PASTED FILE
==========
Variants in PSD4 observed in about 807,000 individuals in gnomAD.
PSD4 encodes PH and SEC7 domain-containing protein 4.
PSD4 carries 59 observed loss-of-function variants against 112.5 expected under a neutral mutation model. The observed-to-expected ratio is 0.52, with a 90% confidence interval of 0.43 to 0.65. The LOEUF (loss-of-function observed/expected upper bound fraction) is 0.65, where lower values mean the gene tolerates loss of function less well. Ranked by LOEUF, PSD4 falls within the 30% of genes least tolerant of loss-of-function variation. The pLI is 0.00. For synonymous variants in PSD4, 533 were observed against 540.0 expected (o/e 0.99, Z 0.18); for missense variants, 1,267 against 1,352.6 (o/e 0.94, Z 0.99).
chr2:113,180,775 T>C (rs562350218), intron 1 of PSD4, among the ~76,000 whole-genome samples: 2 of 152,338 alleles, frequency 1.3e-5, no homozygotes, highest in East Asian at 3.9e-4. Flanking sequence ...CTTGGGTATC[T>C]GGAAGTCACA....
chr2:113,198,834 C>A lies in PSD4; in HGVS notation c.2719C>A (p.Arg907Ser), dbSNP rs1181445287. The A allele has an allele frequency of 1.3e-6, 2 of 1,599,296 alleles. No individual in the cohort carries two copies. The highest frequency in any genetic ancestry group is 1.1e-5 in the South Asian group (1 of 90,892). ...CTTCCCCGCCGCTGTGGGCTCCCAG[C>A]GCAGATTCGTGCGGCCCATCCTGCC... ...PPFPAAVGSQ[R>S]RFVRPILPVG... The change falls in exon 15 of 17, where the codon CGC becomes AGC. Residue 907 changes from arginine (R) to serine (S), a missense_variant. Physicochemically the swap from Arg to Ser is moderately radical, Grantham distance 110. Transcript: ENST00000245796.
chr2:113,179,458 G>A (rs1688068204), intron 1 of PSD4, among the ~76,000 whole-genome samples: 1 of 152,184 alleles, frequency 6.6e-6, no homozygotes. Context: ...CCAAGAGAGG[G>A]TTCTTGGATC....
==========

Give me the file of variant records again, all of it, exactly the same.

Variants in PSD4 observed in about 807,000 individuals in gnomAD.
PSD4 encodes PH and SEC7 domain-containing protein 4.
PSD4 carries 59 observed loss-of-function variants against 112.5 expected under a neutral mutation model. The observed-to-expected ratio is 0.52, with a 90% confidence interval of 0.43 to 0.65. The LOEUF (loss-of-function observed/expected upper bound fraction) is 0.65, where lower values mean the gene tolerates loss of function less well. Ranked by LOEUF, PSD4 falls within the 30% of genes least tolerant of loss-of-function variation. The pLI is 0.00. For synonymous variants in PSD4, 533 were observed against 540.0 expected (o/e 0.99, Z 0.18); for missense variants, 1,267 against 1,352.6 (o/e 0.94, Z 0.99).
chr2:113,180,775 T>C (rs562350218), intron 1 of PSD4, among the ~76,000 whole-genome samples: 2 of 152,338 alleles, frequency 1.3e-5, no homozygotes, highest in East Asian at 3.9e-4. Flanking sequence ...CTTGGGTATC[T>C]GGAAGTCACA....
chr2:113,198,834 C>A lies in PSD4; in HGVS notation c.2719C>A (p.Arg907Ser), dbSNP rs1181445287. The A allele has an allele frequency of 1.3e-6, 2 of 1,599,296 alleles. No individual in the cohort carries two copies. The highest frequency in any genetic ancestry group is 1.1e-5 in the South Asian group (1 of 90,892). ...CTTCCCCGCCGCTGTGGGCTCCCAG[C>A]GCAGATTCGTGCGGCCCATCCTGCC... ...PPFPAAVGSQ[R>S]RFVRPILPVG... The change falls in exon 15 of 17, where the codon CGC becomes AGC. Residue 907 changes from arginine (R) to serine (S), a missense_variant. Physicochemically the swap from Arg to Ser is moderately radical, Grantham distance 110. Transcript: ENST00000245796.
chr2:113,179,458 G>A (rs1688068204), intron 1 of PSD4, among the ~76,000 whole-genome samples: 1 of 152,184 alleles, frequency 6.6e-6, no homozygotes. Context: ...CCAAGAGAGG[G>A]TTCTTGGATC....